The Mountain Laurel Loop Bicycle Trail is closed due to campground construction. All bike trails will likely be opened towards the end of the year. This area is an unsafe construction area. Entering these trails, service roads or parking lots will be illegal tresspassing. We are sorry for the inconvenience. The following places allow biking in our area: Carvers Creek State Park, William B. Umstead State Park and Falls Lake Recreation Area, Harris Lake County Park, Uhwarrie National Forest (Badin Lake Recreation Area and Woodrun Trails) and Crabtree County Park.Last updated on: Friday, May 17, 2019
A number of trails in the park traverse a variety of terrains. Raven Rock Loop Trail travels through a hardwood forest on its one-mile trip to the park's centerpiece, Raven Rock. Wooden stairs down the face of the river bluff lead to the base of Raven Rock where the river bank provides a place to examine the area beneath the overhang. A stone balcony along the way overlooks the river and the flood plains beyond. Other trails offer access to fishing holes and idyllic scenery. See the Trails page for more information.
Undeveloped woodlands on the north side of the river with areas set aside for parking and picnicking offer seven miles of trails for horseback riding. Land adjoining park bridle trails is posted private property. Respect the rights of landowners; do not trespass. Horses are not permitted on hiking trails. See the Trails page for more information.
After periods of heavy rainfall, the trails can become very muddy. To help avoid injury to your horse and damage to park natural resources, please avoid using the trails at these times.
All visitors with horses must be able to provide proof of a negative equine infectious anemia (Coggins) test while visiting North Carolina State Parks.
Negotiate the rapids of Lanier Falls and the Fish Traps on a portion of the Cape Fear Canoe Trail that runs through the park. The entire trail travels for 56 miles along the Cape Fear River from an access point at the US 1 bridge over Deep River. A buoy signals the location of the canoe camp in the park. Contact park staff for information about the nearest access points; there is no access area in the park. Canoeists should exercise caution and wear life vests at all times. Periodic floods make the river dangerous for canoeing. Check with the park office for the current water level before launching your canoe. Portage dams, dangerous rapids.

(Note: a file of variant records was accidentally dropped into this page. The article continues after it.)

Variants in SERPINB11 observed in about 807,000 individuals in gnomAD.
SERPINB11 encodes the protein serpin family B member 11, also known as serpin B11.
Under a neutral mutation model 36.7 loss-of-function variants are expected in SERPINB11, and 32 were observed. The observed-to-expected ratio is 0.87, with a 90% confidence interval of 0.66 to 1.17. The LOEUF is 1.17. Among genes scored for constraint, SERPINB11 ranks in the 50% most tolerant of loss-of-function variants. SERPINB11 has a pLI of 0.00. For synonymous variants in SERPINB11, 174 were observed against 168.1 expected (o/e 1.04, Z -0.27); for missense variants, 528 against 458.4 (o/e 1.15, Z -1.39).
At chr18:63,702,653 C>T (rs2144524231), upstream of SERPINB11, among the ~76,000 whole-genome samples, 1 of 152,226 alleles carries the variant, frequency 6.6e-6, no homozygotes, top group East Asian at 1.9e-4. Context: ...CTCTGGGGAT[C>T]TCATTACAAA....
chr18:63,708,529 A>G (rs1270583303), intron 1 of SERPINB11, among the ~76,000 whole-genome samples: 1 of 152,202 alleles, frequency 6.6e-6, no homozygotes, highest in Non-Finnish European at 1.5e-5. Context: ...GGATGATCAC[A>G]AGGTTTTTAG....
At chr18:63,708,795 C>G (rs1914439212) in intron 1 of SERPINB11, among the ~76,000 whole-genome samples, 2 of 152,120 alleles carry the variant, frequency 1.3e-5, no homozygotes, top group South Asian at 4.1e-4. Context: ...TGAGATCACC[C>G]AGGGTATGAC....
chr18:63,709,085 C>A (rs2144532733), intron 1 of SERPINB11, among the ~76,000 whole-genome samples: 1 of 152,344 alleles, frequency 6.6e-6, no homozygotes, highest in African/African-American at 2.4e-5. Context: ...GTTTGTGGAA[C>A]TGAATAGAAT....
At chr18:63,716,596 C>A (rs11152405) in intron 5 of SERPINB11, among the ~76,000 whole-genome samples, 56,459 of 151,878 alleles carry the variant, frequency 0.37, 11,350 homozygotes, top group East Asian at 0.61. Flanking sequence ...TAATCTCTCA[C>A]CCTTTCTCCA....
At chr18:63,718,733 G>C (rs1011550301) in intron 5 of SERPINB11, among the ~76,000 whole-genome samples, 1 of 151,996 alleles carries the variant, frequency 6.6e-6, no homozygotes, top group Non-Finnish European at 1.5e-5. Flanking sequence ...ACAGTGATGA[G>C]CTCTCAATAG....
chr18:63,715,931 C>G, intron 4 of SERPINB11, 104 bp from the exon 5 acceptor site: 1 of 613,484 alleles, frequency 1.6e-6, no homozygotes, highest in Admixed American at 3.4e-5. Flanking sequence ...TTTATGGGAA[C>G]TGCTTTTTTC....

The best places for fishing in the Cape Fear River are the Fish Traps and the mouth of Campbell Creek. Game fish in these waters include largemouth bass, warmouth, bluegill, catfish, redear and green sunfish. Other interesting species are longnose gar, American eel, chub, shiners, darters and pirate perch. Fishing is permitted during posted park hours only. Anglers must have a state fishing license. Regulations of the NC Wildlife Resources Commission are enforced.
A wide trail leads to the picnic ground from the parking lot on the south side of the river. Towering oak and hickory trees provide shade for 27 tables and eight grills. Drinking water, restrooms and a refreshment stand with a drink machine are located nearby. Some picnic facilities are accessible for persons with disabilities. The picnic shelter can be reserved or used on a first-come, first-served basis if not reserved. Call the park office for more information.
CLOSED TODAYBridle trails:
3009 Raven Rock Road
Lillington, NC 27546
GPS: 35.4597, -78.9127
- November to February:
7:00am to 7:00pm
- March to May:
7:00am to 9:00pm
- June to August:
7:00am to 10:00pm
- September to October:
7:00am to 9:00pm
Closed Christmas Day
VISITOR CENTER HOURS:
8:00am to 5:00pm – daily
Closed Christmas Day